The next battleground for the Iran deal is now predictably, being played out throughout Washington DC’s lobbying firms as major corporate and business interests line up on both sides to lobby Congressional leaders on their support for the deal. The Obama Administration has been considering making the deal an executive agreement, which would circumvent the “treaty” label and exempting the deal from Congressional approval, but exposing it to greater executive discretion in execution in the next administration, which may be Republican.
The clincher is now NY Senator Chuck Schumer, whose powerful connections to the pro-Israel lobby make him an important voice in the ongoing debate. What does this all mean for Iran, however? It appears as though Iran is proceeding as if the deal is a shoe-in at this point, despite all the fuss in the Senate and in Republican primaries. Iran has selected some 45 oil and gas projects to showcase to international companies at a conference in London in December as part of its stated goal to double the country’s crude output on December 14-16. Heading the committee in charge of this presentation will be Mehdi Hosseini, chairman of the oil contracts restructuring committee.
As a result, large oil majors have begun to lobby on behalf of the deal, but the contract details on the Iranian end have yet to be worked out. Hosseini has stated the contracts would resemble traditional production sharing models with “different characteristics” offering investors payback in the form of cash or oil allocation, and would prohibit taking direct ownership of the country’s energy reserves. He additionally claimed that extraction costs in Iran are about $8-10 a barrel or so – a statement which has yet to be verified, as that would put it below the cheapest producers of oil in Saudi Arabia, which averages extraction costs at $20 per barrel.
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- Kyrgyzstan’s user base of mobile phone customers has grown to 7.8 million, up from 7.5 million at the end of the 2014 according to a statement by the State Communications Agency – mobile services have had a transformative effect on the Kyrgyz economy and the continued growth of the user base, while sluggish, could portend greater investment in the country’s telecommunications infrastructure.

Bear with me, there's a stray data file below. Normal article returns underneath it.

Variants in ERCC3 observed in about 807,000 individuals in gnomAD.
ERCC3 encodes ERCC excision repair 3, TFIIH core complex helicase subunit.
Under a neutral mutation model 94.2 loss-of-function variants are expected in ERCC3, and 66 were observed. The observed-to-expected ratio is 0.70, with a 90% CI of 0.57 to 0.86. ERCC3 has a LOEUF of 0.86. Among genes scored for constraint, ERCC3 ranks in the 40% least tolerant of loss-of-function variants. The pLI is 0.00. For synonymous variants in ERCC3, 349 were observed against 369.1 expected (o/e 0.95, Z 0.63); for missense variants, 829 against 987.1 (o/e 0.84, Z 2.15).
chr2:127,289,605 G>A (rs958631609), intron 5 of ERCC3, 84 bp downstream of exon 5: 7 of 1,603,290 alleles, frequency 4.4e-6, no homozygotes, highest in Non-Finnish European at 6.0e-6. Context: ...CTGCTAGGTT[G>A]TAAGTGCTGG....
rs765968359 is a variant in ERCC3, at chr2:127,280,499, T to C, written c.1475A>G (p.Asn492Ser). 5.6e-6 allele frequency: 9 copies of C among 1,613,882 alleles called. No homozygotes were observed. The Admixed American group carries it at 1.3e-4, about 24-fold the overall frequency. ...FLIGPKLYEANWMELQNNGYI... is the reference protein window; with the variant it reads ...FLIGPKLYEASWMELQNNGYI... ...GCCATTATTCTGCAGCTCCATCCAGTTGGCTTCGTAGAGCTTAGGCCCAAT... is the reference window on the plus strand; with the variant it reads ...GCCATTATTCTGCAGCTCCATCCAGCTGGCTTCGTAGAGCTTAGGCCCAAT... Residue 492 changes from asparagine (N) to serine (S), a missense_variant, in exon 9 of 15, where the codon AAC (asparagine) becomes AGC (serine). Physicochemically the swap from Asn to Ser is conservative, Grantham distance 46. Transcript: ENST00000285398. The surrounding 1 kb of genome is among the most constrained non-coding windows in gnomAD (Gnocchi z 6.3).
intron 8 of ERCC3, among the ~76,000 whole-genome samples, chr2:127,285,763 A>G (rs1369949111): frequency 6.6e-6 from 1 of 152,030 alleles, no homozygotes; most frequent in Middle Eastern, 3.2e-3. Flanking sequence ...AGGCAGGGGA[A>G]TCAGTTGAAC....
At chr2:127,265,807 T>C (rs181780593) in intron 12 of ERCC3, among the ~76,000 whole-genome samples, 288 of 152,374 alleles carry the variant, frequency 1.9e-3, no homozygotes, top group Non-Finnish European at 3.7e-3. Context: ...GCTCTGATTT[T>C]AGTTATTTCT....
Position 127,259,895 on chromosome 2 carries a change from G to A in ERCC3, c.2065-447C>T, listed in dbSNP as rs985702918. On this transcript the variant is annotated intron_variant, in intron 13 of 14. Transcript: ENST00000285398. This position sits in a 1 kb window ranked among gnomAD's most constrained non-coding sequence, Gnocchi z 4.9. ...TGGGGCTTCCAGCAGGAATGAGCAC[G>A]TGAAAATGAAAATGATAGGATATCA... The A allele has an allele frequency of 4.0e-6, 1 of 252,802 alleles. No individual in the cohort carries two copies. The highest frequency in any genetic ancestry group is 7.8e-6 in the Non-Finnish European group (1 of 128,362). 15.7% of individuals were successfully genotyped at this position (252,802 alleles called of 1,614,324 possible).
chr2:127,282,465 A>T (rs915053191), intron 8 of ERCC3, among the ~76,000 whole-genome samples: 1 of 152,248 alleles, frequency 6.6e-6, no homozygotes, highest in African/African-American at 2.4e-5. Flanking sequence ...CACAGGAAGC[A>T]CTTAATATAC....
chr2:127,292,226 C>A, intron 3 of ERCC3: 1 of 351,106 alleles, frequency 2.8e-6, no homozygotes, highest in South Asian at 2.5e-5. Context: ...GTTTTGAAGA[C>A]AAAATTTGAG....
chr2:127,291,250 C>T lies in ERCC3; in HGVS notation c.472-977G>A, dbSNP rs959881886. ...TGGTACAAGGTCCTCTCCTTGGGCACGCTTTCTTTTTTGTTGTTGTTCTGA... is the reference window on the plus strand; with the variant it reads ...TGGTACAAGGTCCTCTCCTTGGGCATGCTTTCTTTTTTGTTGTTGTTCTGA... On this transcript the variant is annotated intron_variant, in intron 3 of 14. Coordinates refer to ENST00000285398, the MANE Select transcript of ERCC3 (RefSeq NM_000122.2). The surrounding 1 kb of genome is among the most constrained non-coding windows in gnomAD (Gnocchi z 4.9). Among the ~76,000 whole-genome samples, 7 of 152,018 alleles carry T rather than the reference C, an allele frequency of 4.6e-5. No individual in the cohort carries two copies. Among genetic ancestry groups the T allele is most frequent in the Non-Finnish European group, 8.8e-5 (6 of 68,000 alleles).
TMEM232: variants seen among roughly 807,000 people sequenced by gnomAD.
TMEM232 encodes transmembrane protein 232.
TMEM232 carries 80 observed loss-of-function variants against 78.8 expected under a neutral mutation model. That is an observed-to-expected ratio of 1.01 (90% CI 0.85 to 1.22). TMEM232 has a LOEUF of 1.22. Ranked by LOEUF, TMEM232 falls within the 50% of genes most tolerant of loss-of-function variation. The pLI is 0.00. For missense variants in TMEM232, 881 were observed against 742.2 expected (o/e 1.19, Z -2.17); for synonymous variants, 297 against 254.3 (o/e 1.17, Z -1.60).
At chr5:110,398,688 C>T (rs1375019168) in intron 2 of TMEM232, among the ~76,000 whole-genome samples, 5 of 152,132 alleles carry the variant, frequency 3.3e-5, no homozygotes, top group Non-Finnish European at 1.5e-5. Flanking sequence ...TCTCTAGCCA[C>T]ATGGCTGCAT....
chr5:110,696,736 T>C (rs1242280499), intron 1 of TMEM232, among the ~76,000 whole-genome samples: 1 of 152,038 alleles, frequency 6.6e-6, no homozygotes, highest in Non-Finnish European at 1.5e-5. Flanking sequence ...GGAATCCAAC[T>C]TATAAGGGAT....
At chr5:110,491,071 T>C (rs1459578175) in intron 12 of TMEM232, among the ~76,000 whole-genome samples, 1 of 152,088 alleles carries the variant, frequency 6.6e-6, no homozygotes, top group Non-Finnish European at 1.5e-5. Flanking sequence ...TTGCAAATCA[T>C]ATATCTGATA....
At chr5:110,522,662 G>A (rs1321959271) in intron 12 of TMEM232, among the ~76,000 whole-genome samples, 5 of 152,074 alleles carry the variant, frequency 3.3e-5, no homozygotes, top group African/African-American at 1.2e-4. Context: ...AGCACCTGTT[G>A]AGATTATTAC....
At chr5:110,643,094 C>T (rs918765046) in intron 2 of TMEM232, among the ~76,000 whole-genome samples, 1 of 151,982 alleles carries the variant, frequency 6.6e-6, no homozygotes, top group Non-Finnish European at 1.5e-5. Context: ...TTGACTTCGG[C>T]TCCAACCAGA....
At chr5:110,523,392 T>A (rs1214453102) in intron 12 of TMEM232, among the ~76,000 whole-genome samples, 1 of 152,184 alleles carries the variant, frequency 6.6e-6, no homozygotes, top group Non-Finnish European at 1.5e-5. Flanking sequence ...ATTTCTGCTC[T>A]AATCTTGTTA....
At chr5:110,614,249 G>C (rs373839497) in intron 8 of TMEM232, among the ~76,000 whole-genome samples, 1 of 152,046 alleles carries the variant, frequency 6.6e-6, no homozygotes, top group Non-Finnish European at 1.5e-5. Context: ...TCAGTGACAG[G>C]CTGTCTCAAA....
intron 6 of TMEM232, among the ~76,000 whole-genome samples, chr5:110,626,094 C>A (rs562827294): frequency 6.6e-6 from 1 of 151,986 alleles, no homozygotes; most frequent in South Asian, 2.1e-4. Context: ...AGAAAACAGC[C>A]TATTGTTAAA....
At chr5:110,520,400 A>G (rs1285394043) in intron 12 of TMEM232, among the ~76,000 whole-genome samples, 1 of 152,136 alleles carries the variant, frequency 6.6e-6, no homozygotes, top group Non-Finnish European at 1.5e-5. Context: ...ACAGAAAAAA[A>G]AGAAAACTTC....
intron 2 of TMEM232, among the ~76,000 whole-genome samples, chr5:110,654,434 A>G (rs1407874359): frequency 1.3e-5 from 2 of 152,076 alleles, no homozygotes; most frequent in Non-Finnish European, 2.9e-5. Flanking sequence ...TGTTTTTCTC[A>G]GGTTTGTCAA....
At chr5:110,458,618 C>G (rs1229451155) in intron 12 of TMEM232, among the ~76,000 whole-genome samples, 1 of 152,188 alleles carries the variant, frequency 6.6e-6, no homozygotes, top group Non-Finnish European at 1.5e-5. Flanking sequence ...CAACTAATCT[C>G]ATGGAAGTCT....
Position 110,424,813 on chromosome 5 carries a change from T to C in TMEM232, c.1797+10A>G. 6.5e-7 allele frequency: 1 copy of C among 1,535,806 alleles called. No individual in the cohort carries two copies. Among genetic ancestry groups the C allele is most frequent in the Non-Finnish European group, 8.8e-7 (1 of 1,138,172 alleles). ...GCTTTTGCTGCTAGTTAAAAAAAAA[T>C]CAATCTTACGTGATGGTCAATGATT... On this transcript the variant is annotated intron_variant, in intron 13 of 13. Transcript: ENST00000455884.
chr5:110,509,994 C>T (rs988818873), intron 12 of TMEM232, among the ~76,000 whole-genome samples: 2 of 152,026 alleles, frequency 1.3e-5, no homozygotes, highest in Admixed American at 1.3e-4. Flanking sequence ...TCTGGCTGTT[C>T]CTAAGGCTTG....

- The effect of the yuan’s devaluation is rippling through Asian economies, causing a crisis for policymakers in Asian central banks grappling with slower growth and falling exports. If they too let their currencies fall along with the yuan, there is a risk of spiraling inflation. Devaluation creates a situation known in international economics known as “beggar-thy-neighbor” which is the onset to a cascade of competitive devaluations in what is sometimes termed a “currency war.” Thus far, no Central Asian banks have followed the yuan in devaluation yet.
- The International Monetary Fund (IMF) has raised the Kazakh GDP forecast to 3.25% expected growth for 2015 after a consultation with the government on July 31 – an odd move considering the difficulties Kazakhstan’s economy faces like the sliding balance of trade towards negative territory as well as lower income and profitability thanks to oil prices and an unfavorable valuation of the tenge despite the sterilization bonds issued in 2014 by the government.
- Kazakhstan is Central Asia’s largest grain producer and it has raised its export forecast for the 2015-2016 harvest season to almost 8 million tons, reported the Agriculture Ministry. Exports are typically directed towards neighbors throughout Central Asia as well as Caspian states like Iran and Azerbaijan – of greater interest was the fact that there was no reason listed for the change in the export forecast given. The figure represents a substantial output increase from last year at 6.4 million tons.
- Stratfor has an interesting article about civil and governmental unrest in Kazakhstan, as well as the possibility that a volatile succession scenario to Nazarbayev could be descending sooner than analysts have predicted. Many of the state-owned energy subsidiary workers, such as those of UzenMunaiGaz (subsidiary to KMG) went on strike over wages, with some 14 dying in the ensuing riots around Zhanaozen. Additionally Nazarbayev has been purging party officials on the usual charges of embezzlement and corruption and the government has been caving in to demands from oil workers to form unions. Likely the pension scheme announced on Tuesday by Kazakhstan is attempting to offer new incentives to unions to play ball in times of extremely low energy prices.
- Mongolia’s cabinet has approved a coal railway project that would stretch some 547 km from Erdenet – Ovoot and form one of the legs in an eventual Russia to China railway corridor. The agreement will allow Northern Railways, a subsidiary of Australian Apsire Mining to build and operate the railway for 30 years – but the contract to build has been given by the Australian company to the China Railway Construction Corporation (CRCC). This will likely improve the prospects for the Tavan Tolgoi coal deposit, which will be dependent on strong transportation infrastructure to meet end markets.